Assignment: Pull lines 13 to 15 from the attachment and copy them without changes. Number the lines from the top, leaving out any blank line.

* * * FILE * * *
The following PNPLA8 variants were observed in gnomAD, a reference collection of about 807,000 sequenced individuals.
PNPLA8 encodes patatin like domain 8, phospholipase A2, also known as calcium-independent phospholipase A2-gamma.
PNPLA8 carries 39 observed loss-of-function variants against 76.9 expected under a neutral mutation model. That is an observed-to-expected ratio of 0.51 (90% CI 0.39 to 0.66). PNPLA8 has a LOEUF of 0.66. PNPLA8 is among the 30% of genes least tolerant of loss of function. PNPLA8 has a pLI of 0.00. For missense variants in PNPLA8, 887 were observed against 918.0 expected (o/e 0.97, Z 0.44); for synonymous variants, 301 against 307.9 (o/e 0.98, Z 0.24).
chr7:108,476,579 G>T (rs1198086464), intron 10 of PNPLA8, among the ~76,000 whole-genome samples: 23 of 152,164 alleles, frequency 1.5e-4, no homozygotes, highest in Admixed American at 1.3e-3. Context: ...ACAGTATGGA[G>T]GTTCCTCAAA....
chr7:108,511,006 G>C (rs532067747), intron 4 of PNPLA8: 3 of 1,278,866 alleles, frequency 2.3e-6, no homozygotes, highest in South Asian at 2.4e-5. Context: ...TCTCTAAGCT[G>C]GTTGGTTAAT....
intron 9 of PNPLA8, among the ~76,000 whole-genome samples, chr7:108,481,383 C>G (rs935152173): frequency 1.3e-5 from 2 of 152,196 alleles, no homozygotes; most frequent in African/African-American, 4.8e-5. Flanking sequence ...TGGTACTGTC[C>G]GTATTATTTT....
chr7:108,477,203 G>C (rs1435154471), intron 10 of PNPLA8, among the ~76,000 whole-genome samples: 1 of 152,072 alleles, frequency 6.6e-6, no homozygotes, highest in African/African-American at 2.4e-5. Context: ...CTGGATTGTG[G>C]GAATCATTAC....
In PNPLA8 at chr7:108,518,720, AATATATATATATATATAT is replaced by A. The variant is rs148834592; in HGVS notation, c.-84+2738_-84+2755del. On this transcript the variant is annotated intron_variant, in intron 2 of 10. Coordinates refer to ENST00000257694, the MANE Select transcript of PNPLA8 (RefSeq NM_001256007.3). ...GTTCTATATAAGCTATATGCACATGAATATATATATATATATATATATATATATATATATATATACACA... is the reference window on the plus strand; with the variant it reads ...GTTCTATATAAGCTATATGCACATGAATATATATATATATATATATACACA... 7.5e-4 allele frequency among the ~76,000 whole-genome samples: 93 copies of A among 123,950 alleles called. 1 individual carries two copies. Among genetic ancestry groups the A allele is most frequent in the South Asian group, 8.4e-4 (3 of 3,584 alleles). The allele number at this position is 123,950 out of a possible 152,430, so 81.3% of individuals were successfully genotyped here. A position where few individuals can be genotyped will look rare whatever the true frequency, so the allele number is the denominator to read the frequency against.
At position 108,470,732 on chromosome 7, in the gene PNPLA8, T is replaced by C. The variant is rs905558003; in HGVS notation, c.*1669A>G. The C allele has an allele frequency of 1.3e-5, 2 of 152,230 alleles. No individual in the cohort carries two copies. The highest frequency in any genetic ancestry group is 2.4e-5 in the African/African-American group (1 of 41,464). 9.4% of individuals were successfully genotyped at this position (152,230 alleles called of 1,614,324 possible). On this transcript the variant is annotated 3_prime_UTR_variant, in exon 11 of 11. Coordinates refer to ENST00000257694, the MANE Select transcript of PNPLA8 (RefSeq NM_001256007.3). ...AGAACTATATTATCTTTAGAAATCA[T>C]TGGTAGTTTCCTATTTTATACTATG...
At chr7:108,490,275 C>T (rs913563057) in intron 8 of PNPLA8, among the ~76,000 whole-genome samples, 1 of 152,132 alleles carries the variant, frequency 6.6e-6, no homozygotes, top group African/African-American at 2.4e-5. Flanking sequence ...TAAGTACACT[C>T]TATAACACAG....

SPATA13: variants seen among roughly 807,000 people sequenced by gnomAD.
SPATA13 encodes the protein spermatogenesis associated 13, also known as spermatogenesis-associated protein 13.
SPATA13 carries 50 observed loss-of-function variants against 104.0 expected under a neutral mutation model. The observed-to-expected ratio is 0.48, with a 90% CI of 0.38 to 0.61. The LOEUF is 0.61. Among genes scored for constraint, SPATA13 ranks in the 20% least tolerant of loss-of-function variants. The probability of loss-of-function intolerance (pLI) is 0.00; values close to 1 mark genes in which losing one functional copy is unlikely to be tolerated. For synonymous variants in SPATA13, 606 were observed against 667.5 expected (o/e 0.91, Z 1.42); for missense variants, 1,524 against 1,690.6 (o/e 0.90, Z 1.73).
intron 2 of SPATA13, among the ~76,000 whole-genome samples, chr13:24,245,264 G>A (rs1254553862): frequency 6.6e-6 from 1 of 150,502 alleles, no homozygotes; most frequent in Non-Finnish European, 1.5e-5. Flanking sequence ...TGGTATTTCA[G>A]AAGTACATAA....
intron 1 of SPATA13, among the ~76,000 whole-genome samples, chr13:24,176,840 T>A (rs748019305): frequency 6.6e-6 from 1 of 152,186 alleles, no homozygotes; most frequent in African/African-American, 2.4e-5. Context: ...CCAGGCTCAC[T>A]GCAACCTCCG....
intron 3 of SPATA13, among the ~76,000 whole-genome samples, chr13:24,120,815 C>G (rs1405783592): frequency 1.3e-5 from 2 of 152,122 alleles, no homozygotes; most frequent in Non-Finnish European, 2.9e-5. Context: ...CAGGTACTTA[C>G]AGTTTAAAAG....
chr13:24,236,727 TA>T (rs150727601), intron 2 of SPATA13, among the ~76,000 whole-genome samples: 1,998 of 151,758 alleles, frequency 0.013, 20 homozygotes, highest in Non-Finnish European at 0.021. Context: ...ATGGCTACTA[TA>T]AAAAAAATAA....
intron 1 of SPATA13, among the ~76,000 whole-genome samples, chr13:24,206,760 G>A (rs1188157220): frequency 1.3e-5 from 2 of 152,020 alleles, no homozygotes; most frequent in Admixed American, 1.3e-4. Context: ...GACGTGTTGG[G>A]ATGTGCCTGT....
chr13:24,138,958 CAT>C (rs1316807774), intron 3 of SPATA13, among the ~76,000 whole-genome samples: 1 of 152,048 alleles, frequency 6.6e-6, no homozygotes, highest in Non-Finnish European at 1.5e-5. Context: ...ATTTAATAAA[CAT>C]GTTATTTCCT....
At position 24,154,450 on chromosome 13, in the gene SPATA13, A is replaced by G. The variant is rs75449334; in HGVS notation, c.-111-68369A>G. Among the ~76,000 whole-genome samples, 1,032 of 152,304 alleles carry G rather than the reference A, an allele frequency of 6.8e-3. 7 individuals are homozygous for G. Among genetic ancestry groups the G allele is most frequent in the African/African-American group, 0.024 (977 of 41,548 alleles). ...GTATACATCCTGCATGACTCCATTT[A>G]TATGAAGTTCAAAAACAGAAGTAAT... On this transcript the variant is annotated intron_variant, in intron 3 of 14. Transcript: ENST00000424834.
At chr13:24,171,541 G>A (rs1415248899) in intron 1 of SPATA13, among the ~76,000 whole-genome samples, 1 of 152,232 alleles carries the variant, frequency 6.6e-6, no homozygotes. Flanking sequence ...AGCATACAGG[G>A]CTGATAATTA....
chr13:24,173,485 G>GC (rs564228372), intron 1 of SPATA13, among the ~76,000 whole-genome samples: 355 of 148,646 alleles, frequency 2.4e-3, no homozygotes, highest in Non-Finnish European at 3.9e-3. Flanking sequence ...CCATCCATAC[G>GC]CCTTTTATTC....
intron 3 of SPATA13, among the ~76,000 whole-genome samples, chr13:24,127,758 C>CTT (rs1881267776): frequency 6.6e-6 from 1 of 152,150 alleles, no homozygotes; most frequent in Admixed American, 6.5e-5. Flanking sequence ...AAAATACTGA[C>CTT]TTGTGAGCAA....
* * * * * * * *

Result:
SPATA13 carries 50 observed loss-of-function variants against 104.0 expected under a neutral mutation model. The observed-to-expected ratio is 0.48, with a 90% CI of 0.38 to 0.61. The LOEUF is 0.61. Among genes scored for constraint, SPATA13 ranks in the 20% least tolerant of loss-of-function variants. The probability of loss-of-function intolerance (pLI) is 0.00; values close to 1 mark genes in which losing one functional copy is unlikely to be tolerated. For synonymous variants in SPATA13, 606 were observed against 667.5 expected (o/e 0.91, Z 1.42); for missense variants, 1,524 against 1,690.6 (o/e 0.90, Z 1.73).
intron 2 of SPATA13, among the ~76,000 whole-genome samples, chr13:24,245,264 G>A (rs1254553862): frequency 6.6e-6 from 1 of 150,502 alleles, no homozygotes; most frequent in Non-Finnish European, 1.5e-5. Flanking sequence ...TGGTATTTCA[G>A]AAGTACATAA....
intron 1 of SPATA13, among the ~76,000 whole-genome samples, chr13:24,176,840 T>A (rs748019305): frequency 6.6e-6 from 1 of 152,186 alleles, no homozygotes; most frequent in African/African-American, 2.4e-5. Context: ...CCAGGCTCAC[T>A]GCAACCTCCG....